Applied Meta-analysis for Social Science Research

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Guilford Press, Jan 1, 2012 - Psychology - 377 pages

Offering pragmatic guidance for planning and conducting a meta-analytic review, this book is written in an engaging, nontechnical style that makes it ideal for graduate course use or self-study. The author shows how to identify questions that can be answered using meta-analysis, retrieve both published and unpublished studies, create a coding manual, use traditional and unique effect size indices, and write a meta-analytic review. An ongoing example illustrates meta-analytic techniques. In addition to the fundamentals, the book discusses more advanced topics, such as artifact correction, random- and mixed-effects models, structural equation representations, and multivariate procedures. User-friendly features include annotated equations; discussions of alternative approaches; and "Practical Matters" sections that give advice on topics not often discussed in other books, such as linking meta-analytic results with theory and the utility of meta-analysis software programs.

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Contents

Chapter 1 An Introduction to MetaAnalysis
3
12 Basic Terminology
4
13 A Brief History of MetaAnalysis
8
14 The Scientific Process of Research Synthesis
9
15 An Overview of the Book
12
A Note on Software and Information Management
13
17 Summary
14
Chapter 2 Questions That Can and Questions That Cannot Be Answered through MetaAnalysis
16
76 Summary
169
Part III Putting the Pieces Together Combining and Comparing Effect Sizes
173
Chapter 8 Basic Computations Computing Mean Effect Size and Heterogeneity around This Mean
175
81 The Logic of Weighting
176
82 Measures of Central Tendency in Effect Sizes
180
83 Inferential Testing and Confidence Intervals of Average Effect Sizes
182
84 Evaluating Heterogeneity among Effect Sizes
184
Nonindependence among Effect Sizes
191

21 Identifying Goals and Research Questions for MetaAnalysis
17
22 The Limits of Primary Research and the Limits of MetaAnalytic Synthesis
19
When Are They Valid and When Are They Not?
23
The Reciprocal Relation between Planning and Conducting a MetaAnalysis
29
25 Summary
31
26 Recommended Readings
32
Chapter 3 Searching the Literature
34
32 Inclusion and Exclusion Criteria
38
33 Finding Relevant Literature
42
Is My Search Adequate?
52
Beginning a MetaAnalytic Database
55
36 Summary
58
Part II The Building Blocks Coding Individual Studies
61
Chapter 4 Coding Study Characteristics
63
41 Identifying Interesting Moderators
64
42 Coding Study Quality
68
43 Evaluating Coding Decisions
73
Creating an Organized Protocol for Coding
77
45 Summary
82
Chapter 5 Basic Effect Size Computation
85
52 Computing r from Commonly Reported Results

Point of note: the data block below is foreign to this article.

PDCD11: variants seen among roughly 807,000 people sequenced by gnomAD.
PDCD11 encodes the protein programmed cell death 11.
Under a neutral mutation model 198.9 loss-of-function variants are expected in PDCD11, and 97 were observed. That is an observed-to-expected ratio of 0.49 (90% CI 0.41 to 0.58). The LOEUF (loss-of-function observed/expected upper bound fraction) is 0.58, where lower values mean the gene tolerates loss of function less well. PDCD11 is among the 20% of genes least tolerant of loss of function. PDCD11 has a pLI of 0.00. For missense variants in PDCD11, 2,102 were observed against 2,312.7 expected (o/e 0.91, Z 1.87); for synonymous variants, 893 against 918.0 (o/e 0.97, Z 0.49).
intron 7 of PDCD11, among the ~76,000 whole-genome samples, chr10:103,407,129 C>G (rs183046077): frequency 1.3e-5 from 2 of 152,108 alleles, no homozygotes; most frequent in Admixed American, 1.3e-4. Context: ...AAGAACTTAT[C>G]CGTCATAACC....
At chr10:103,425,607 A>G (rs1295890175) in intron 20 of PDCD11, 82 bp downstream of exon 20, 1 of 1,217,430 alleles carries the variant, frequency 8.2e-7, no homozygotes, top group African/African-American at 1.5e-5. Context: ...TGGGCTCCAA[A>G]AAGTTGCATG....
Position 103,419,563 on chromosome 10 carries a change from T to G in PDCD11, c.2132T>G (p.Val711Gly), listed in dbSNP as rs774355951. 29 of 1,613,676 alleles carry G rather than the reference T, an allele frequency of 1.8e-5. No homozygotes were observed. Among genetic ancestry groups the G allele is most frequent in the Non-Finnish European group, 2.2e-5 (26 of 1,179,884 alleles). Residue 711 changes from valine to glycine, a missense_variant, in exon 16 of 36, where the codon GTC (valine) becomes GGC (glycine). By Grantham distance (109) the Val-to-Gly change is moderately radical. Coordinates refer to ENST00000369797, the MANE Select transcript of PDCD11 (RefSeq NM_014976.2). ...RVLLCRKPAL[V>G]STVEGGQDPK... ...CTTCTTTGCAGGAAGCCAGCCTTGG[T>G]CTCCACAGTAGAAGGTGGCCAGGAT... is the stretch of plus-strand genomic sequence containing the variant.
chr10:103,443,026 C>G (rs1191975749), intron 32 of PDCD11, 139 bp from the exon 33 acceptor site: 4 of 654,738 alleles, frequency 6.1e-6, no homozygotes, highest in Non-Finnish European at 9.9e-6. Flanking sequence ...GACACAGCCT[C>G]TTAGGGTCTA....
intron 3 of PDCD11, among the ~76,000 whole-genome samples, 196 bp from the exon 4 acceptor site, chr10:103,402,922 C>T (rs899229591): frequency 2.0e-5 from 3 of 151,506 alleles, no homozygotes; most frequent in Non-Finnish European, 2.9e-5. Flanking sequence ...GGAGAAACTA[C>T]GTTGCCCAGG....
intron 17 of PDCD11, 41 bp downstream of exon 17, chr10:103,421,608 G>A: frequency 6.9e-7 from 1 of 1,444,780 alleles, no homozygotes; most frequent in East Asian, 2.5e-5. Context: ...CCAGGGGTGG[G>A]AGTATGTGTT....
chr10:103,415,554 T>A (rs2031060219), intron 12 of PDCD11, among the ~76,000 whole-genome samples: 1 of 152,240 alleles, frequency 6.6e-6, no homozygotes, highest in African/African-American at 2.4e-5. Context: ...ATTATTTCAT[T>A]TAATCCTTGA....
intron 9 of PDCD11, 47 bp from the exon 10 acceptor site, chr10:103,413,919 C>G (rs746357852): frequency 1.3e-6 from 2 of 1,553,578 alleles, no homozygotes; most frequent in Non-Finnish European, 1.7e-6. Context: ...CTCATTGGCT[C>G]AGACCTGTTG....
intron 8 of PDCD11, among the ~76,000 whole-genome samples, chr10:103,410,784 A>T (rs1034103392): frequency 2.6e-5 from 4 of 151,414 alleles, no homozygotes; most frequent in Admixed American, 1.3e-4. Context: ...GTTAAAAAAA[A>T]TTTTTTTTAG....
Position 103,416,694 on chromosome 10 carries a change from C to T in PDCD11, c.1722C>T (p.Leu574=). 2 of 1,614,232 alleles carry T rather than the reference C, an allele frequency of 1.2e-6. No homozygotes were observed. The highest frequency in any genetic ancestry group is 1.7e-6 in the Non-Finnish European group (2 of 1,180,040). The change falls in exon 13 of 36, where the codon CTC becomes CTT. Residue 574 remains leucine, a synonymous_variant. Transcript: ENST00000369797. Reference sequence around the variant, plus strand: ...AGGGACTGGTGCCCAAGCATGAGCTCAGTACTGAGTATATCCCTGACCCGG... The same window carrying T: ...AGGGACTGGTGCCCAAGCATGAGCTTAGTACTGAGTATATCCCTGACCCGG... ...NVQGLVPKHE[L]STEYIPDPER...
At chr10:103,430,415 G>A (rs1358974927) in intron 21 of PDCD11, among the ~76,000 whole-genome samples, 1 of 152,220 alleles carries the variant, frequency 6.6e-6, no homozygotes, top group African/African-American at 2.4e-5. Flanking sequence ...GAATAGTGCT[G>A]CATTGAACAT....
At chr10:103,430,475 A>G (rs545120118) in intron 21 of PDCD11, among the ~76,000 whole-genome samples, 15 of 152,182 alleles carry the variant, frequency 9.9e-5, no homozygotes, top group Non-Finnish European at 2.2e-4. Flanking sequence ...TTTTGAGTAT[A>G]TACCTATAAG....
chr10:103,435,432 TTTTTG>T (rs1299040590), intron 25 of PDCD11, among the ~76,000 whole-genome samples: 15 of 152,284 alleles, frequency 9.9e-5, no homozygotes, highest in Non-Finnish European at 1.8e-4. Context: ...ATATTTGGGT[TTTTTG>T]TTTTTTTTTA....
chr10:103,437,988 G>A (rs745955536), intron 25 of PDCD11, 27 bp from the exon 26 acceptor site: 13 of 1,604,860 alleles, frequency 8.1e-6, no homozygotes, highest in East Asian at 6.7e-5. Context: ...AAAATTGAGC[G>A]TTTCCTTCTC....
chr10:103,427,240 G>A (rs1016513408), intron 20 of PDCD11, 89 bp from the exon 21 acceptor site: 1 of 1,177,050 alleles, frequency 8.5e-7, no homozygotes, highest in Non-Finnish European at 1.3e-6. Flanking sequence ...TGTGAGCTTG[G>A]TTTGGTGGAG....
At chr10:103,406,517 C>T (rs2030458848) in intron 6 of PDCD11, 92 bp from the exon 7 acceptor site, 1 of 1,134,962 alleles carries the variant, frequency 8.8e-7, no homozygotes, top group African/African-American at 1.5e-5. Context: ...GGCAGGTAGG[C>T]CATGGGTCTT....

96
53 Computing g from Commonly Reported Results
107
54 Computing o from Commonly Reported Results
114
55 Comparisons among r g and o
118
Using Effect Size Calculators and MetaAnalysis Programs
121
57 Summary
122
Chapter 6 Corrections to Effect Sizes
126
61 The Controversy of Correction
127
62 Artifact Corrections to Consider
129
When and How to Correct Conceptual Methodological and Disciplinary Considerations
142
64 Summary
144
Chapter 7 Advanced and Unique Effect Size Computation
147
Raw Difference Scores
154
73 Regression Coefficients and Similar Multivariate Effect Sizes
156
74 Miscellaneous Effect Sizes
161
The Opportunities and Challenges of MetaAnalyzing Unique Effect Sizes
166
86 Summary
195
Chapter 9 Explaining Heterogeneity among Effect Sizes Moderator Analyses
198
91 Categorical Moderators
199
92 Continuous Moderators
207
93 A General Multiple Regression Framework for Moderation
210
94 An Alternative SEM Approach
218
The Limits of Interpreting Moderators in MetaAnalysis
222
96 Summary
226
Chapter 10 Fixed Random and MixedEffects Models
229
101 Differences among Models
230
102 Analyses of RandomEffects Models
234
103 MixedEffects Models
239
104 A Structural Equation Modeling Approach to Random and MixedEffects Models
245
Which Model Should I Use?
250
106 Summary
255
Chapter 11 Publication Bias
257
112 Managing Publication Bias
260
What Impact Do Sampling Biases Have on MetaAnalytic Conclusions?
275
114 Summary
276
Chapter 12 Multivariate MetaAnalytic Models
279
121 Metaanalysis to Obtain Sufficient Statistics
280
122 Two Approaches to Multivariate MetaAnalysis
286
The Interplay between MetaAnalytic Models and Theory
300
124 Summary
305
125 Recommended Readings
306
Part IV The Final Product Reporting MetaAnalytic Results
311
Chapter 13 Writing MetaAnalytic Results
313
132 What to Report and Where to Report It
317
133 Using Tables and Figures in Reporting MetaAnalyses
329
Avoiding Common Problems in Reporting Results of MetaAnalyses
337
135 Summary
342
References
345
Author Index
357
Subject Index
363
About the Author
377
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About the author (2012)

Noel A. Card is Associate Professor in Family Studies and Human Development at the University of Arizona. His areas of interest include child and adolescent social development and quantitative research methods. He has received the Society for Research in Child Development Early Career Research Contributions Award and is an elected member of the Society of Multivariate Experimental Psychology.

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